To cash-strapped, bargain-hungry travellers, Ryanair needs no introduction. It’s the National Express of the skies. It’ll get you to your destination perfectly safely and quickly, but if you want the perks of yesteryear (an in-flight cup of tea or a checked-baggage allowance) you’ll have to pay for them.
Ryanair took what was once “bundled” in sales speak – baggage allowance, in-flight food, a seat allocation – and unbundled them. You want it? You pay for it.
The Dublin-based airline operates more than 1,600 flights each day. From 72 bases around the UK and Europe, Ryanair connects 189 destinations in 30 countries.
Its prices are almost always the lowest. And playing the Ryanair game is a lot more flyer-friendly than it used to be. In 2013, the airline decided to reform its no-compromise culture and introduce a Business Plus “class” for business travellers which offers flexibility on ticket changes, unlimited flight changes, a 20kg baggage allowance, fast-track airport security and free airport check-in.
If you want to fly as cheaply as possible and you’re not a businesss traveller, here’s the insider’s guide to flying Ryanair.
Know where you’re flying to
The airports Ryanair serves are, notoriously, far outside the cities they’re named after. Brussels Charleroi is 29 miles (46km) outside Brussels, Paris Beauvais is 53 miles (85km) north of Paris so factoring in the cost of getting to your destination is key. Flight time is important too if you’re relying on public transport (proper public transport that is, not “tourist” public transport) to get you to your destination.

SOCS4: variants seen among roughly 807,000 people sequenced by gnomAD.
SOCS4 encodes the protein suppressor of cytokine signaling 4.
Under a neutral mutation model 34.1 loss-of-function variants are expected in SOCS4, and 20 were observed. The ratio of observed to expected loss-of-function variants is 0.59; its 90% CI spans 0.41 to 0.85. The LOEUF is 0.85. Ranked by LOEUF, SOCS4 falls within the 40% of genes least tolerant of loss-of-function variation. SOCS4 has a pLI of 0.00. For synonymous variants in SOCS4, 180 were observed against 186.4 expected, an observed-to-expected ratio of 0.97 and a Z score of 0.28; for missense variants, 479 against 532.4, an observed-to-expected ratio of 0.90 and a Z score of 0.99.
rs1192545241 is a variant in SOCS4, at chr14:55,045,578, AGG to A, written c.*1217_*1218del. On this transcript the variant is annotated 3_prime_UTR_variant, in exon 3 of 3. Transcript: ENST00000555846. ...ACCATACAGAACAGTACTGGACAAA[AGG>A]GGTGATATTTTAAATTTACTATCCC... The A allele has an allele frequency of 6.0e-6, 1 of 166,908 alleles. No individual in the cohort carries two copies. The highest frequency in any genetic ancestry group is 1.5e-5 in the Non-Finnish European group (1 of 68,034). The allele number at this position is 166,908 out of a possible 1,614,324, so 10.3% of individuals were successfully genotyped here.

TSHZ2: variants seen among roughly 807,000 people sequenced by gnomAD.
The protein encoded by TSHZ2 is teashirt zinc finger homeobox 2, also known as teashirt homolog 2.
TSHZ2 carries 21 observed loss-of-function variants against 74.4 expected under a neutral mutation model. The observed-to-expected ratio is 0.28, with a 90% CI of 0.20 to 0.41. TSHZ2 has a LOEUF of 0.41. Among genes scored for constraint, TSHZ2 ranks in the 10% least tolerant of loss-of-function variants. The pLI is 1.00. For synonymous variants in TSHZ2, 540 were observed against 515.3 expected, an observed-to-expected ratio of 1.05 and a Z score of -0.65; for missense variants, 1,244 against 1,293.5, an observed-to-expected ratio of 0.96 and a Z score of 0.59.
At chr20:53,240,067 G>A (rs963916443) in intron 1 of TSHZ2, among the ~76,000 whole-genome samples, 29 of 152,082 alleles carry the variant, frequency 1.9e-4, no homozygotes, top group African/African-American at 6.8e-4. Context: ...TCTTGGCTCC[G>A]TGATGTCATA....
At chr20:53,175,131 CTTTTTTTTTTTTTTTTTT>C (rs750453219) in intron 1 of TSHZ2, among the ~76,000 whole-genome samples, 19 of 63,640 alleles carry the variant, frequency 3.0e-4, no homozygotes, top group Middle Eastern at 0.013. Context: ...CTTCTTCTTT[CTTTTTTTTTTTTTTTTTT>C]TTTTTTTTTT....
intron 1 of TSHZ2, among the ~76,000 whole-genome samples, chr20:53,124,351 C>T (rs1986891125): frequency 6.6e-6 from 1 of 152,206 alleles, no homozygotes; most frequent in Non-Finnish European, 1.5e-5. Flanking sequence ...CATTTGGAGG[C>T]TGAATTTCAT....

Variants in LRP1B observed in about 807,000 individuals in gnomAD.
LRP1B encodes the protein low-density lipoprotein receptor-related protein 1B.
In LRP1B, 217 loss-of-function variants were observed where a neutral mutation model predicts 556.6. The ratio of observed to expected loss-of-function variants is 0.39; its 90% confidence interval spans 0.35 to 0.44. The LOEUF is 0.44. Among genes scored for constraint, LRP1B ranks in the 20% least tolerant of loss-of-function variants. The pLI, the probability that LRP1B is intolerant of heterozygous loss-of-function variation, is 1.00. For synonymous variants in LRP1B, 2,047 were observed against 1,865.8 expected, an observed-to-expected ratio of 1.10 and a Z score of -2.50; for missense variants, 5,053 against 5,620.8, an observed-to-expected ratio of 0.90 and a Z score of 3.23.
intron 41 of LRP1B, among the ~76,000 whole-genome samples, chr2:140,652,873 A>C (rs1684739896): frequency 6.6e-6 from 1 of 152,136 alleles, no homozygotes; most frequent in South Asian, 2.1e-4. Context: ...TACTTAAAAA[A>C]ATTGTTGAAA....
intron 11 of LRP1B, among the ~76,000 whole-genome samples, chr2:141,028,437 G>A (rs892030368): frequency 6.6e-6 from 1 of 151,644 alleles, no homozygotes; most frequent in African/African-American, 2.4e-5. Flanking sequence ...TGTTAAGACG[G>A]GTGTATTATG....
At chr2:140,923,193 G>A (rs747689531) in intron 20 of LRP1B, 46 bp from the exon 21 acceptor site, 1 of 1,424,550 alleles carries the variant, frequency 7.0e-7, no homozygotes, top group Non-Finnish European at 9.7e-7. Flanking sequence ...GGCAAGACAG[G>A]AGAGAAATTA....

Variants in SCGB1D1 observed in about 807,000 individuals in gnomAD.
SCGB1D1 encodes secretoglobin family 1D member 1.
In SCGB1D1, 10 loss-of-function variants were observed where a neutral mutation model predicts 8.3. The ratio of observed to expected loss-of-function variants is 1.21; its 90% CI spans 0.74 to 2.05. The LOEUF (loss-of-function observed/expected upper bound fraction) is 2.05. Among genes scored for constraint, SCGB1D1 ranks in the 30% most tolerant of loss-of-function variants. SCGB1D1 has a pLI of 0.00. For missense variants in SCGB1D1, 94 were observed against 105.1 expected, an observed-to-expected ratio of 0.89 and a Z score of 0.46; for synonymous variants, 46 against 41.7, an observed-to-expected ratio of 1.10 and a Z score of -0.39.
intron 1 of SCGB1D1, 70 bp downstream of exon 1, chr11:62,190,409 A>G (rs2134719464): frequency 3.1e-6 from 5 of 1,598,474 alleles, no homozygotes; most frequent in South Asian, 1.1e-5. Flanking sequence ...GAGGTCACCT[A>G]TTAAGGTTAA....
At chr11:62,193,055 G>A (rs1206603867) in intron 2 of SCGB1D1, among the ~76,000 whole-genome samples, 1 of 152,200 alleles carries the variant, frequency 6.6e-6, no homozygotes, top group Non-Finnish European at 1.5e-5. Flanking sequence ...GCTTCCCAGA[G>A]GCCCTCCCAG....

Take your time and get it right
The website has been likened to an obstacle course in the past. Happily, there’s a 24-hour grace period if you make a mistake during the booking process. You spell your name incorrectly or get the date or route wrong? You can change online or get assistance from Ryanair’s call-centre staff.
Never forget your boarding pass!
Forget this at your peril. Once you’ve checked in online, your boarding pass can be reprinted up to two hours before your flight departs. If you arrive at the airport without it there’s a Boarding Card Reissue Fee of £15.
Of course, there’s a mobile boarding pass too and they’re accepted on flights from the majority of airports on Ryanair’s network. You show your mobile boarding pass at the following points:
- Bag drop desk
- Security checkpoints
- Boarding gate
- Getting on the aircraft
Here’s how to check-in online:
Ryanair doesn’t offer a free baggage allowance so one way for fliers to cut down on costs is to travel with just a cabin bag. Passengers can take one cabin bag – weighing up to 10kg – free of charge. Maximum dimensions are 55cm x 40cm x 20cm. A small bag (up to 35 x 20 x 20 cm) may be carried too.
Confusingly, baggage fees are divided up into low season and high season. The high season is, essentially, Christmas, Easter and all of summer. Each passenger may check in a maximum of two bags and it’s always cheaper to do it online at the time of booking. Buying baggage allowance over the phone or at the airport is double the cost! Passengers are looking at about £15 to check in the first bag and £20 for the second – if they do it while booking.